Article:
The hospitals of Saint Thomas Health are changing the surgical experience for patients and re-writing the accepted standards for surgical care through the use of the most advanced robotic surgery system available. The minimally invasive treatment option is performed through the smallest of incisions, so patients typically experience less pain, a shorter hospital stay and a faster return to normal daily activities.
Robotic surgery at Saint Thomas Health is a less-invasive surgical approach that incorporates the latest advancements in robotic-assisted technology and allows a surgeon greater visualization, enhanced dexterity, precision and control.
Robotics surgeons discuss the unique advantages of robotics surgery in performing a variety of surgical procedures.
A variety of conditions that can be treated utilizing robotic surgery at Saint Thomas Health include:
- Coronary artery disease, which occurs when the arteries that supply blood to the heart become hard and narrow because of cholesterol or plaque build-up in the inners walls of the arteries.
- Mitral valve prolapse, a condition when one or both of the flaps that are supposed to open and close to control blood flow to the heart do not work properly and allows small amounts of blood to flow backwards into the heart valve.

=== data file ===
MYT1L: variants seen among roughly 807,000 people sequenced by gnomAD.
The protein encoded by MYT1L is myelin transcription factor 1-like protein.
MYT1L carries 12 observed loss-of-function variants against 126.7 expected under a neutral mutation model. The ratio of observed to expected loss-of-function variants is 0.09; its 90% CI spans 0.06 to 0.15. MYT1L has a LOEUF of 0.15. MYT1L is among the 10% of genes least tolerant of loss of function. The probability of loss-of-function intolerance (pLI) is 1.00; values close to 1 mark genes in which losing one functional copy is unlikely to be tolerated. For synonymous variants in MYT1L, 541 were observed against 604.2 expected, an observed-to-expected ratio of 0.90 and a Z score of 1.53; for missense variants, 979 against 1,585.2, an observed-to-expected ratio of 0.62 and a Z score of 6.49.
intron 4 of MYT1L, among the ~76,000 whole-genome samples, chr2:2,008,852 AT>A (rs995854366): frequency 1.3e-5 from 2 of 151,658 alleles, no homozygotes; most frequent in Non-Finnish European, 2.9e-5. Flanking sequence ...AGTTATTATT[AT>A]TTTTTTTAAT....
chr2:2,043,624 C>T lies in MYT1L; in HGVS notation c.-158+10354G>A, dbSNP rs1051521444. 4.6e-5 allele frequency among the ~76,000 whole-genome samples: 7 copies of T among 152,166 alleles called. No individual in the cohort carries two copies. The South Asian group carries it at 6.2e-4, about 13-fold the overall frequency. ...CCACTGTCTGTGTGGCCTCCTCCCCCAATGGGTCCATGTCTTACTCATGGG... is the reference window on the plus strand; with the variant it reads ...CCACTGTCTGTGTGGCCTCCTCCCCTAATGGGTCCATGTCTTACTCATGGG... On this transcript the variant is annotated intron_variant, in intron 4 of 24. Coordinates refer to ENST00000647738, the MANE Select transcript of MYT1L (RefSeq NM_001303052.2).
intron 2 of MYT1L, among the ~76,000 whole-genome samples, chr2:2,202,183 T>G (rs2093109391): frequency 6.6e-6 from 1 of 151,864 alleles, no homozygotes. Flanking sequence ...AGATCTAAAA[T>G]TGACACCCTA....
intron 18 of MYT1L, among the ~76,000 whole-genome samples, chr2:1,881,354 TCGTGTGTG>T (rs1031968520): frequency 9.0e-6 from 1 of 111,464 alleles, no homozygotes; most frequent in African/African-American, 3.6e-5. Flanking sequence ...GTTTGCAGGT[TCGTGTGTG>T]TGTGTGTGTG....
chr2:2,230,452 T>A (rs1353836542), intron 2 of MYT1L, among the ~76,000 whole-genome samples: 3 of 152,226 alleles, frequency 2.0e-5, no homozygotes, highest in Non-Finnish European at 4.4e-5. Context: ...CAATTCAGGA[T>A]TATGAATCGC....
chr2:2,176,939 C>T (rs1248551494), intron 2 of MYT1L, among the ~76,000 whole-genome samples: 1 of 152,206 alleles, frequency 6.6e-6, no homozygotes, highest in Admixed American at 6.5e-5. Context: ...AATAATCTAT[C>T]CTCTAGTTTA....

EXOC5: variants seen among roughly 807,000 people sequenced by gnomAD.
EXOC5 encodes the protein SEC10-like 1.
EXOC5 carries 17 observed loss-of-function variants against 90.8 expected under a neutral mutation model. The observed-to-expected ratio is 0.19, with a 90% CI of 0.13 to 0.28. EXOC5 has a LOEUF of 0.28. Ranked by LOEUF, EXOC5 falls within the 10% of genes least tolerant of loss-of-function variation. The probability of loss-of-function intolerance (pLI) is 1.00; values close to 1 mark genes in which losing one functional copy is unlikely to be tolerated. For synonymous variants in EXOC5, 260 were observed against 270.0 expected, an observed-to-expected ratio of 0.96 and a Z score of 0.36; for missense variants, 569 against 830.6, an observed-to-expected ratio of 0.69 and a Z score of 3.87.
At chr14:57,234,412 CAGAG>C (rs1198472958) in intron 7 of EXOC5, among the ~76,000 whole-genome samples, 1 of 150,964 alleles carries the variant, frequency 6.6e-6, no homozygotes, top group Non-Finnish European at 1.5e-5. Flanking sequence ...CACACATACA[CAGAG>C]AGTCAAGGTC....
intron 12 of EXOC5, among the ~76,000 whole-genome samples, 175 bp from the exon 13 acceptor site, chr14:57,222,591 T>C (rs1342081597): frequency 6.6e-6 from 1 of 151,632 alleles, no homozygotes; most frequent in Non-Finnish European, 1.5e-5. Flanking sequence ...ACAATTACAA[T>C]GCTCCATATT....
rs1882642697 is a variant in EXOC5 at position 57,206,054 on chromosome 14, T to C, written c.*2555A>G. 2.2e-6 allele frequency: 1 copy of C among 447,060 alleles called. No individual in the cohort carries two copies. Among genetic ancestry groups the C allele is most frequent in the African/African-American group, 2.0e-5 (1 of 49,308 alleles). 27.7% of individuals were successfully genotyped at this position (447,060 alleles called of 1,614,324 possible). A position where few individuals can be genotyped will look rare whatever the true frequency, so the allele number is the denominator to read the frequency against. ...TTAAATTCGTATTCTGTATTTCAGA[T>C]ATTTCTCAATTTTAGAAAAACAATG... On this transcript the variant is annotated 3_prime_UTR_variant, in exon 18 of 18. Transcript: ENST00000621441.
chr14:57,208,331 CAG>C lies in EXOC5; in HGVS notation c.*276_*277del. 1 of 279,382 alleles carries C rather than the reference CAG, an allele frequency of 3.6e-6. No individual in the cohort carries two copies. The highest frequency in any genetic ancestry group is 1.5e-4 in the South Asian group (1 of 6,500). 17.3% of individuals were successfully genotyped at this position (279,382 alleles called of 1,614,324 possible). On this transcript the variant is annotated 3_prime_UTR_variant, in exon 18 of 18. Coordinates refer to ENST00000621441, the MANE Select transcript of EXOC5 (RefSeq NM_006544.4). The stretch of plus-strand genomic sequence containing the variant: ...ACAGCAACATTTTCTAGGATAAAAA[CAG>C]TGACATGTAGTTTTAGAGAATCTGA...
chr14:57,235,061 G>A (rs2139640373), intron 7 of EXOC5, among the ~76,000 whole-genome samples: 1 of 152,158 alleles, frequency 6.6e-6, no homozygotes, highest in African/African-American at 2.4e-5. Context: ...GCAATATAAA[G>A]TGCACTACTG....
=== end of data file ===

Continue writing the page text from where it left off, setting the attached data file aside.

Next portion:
- Atrial fibrillation, or AF, is the most common type of cardiac arrhythmia. An arrhythmia is a problem with the rate or rhythm of the heartbeat. During an arrhythmia, the heart can beat too fast, too slow, or with an irregular rhythm.
- Urologic cancers, including prostate, bladder and kidney and other urologic conditions that affect the male reproductive organs and urinary tract organs.
- Gynecologic conditions, including cervical and uterine cancer, uterine fibroids, endometriosis, uterine prolapse and or excessive bleeding.
Engineering Students Get First-Hand Look at Robotic Surgery
A combination of mechanical, electrical, and civil engineering students from Lipscomb University in Nashville had the chance of a lifetime to watch a LIVE robotics surgery at Saint Thomas West. Watch as the students get a first-hand look at how robots are being used in healthcare today.
How does it work?
Using two small cameras, the system creates a three-dimensional, high-definition view of the operative field. Surgeons work at a kiosk with controls that connect to very small surgical instruments. The kiosk’s controls use Intuitive® motion technology to mimic natural hand and wrist movements, allowing surgeons the same precision they enjoy in traditional open surgeries.
At Saint Thomas Midtown Hospital:
At Saint Thomas Rutherford Hospital:
At Saint Thomas West Hospital: